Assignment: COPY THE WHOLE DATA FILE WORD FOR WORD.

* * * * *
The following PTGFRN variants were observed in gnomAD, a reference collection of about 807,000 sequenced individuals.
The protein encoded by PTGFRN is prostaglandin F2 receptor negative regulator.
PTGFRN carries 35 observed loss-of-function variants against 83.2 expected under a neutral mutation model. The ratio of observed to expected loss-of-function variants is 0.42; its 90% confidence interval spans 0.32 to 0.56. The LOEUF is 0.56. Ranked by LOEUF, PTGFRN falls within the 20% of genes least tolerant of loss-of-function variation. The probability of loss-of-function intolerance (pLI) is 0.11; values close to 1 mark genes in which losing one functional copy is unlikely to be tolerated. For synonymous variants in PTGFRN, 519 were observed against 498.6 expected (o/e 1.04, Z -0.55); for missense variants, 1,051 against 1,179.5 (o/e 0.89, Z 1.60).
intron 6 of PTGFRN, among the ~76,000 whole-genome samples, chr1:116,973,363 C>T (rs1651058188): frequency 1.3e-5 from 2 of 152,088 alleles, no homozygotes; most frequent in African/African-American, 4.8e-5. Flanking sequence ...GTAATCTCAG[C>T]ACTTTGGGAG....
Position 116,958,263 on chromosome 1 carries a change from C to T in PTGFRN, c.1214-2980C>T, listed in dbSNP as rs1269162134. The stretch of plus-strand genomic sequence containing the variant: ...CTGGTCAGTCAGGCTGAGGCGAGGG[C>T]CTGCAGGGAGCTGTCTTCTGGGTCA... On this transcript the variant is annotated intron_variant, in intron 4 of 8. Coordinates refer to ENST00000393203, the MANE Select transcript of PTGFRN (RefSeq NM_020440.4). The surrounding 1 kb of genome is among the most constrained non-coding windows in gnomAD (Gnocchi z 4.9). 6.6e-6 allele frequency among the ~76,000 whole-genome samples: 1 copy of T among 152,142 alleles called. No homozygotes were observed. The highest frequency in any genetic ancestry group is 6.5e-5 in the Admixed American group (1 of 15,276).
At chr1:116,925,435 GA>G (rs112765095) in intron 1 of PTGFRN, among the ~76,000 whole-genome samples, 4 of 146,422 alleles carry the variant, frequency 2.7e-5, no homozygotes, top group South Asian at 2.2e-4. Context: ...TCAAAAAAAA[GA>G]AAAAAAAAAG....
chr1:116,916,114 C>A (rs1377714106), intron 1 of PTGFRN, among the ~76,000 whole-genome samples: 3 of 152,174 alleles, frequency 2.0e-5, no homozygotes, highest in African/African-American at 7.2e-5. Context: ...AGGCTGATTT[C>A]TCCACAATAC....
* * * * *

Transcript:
The following PTGFRN variants were observed in gnomAD, a reference collection of about 807,000 sequenced individuals.
The protein encoded by PTGFRN is prostaglandin F2 receptor negative regulator.
PTGFRN carries 35 observed loss-of-function variants against 83.2 expected under a neutral mutation model. The ratio of observed to expected loss-of-function variants is 0.42; its 90% confidence interval spans 0.32 to 0.56. The LOEUF is 0.56. Ranked by LOEUF, PTGFRN falls within the 20% of genes least tolerant of loss-of-function variation. The probability of loss-of-function intolerance (pLI) is 0.11; values close to 1 mark genes in which losing one functional copy is unlikely to be tolerated. For synonymous variants in PTGFRN, 519 were observed against 498.6 expected (o/e 1.04, Z -0.55); for missense variants, 1,051 against 1,179.5 (o/e 0.89, Z 1.60).
intron 6 of PTGFRN, among the ~76,000 whole-genome samples, chr1:116,973,363 C>T (rs1651058188): frequency 1.3e-5 from 2 of 152,088 alleles, no homozygotes; most frequent in African/African-American, 4.8e-5. Flanking sequence ...GTAATCTCAG[C>T]ACTTTGGGAG....
Position 116,958,263 on chromosome 1 carries a change from C to T in PTGFRN, c.1214-2980C>T, listed in dbSNP as rs1269162134. The stretch of plus-strand genomic sequence containing the variant: ...CTGGTCAGTCAGGCTGAGGCGAGGG[C>T]CTGCAGGGAGCTGTCTTCTGGGTCA... On this transcript the variant is annotated intron_variant, in intron 4 of 8. Coordinates refer to ENST00000393203, the MANE Select transcript of PTGFRN (RefSeq NM_020440.4). The surrounding 1 kb of genome is among the most constrained non-coding windows in gnomAD (Gnocchi z 4.9). 6.6e-6 allele frequency among the ~76,000 whole-genome samples: 1 copy of T among 152,142 alleles called. No homozygotes were observed. The highest frequency in any genetic ancestry group is 6.5e-5 in the Admixed American group (1 of 15,276).
At chr1:116,925,435 GA>G (rs112765095) in intron 1 of PTGFRN, among the ~76,000 whole-genome samples, 4 of 146,422 alleles carry the variant, frequency 2.7e-5, no homozygotes, top group South Asian at 2.2e-4. Context: ...TCAAAAAAAA[GA>G]AAAAAAAAAG....
chr1:116,916,114 C>A (rs1377714106), intron 1 of PTGFRN, among the ~76,000 whole-genome samples: 3 of 152,174 alleles, frequency 2.0e-5, no homozygotes, highest in African/African-American at 7.2e-5. Context: ...AGGCTGATTT[C>A]TCCACAATAC....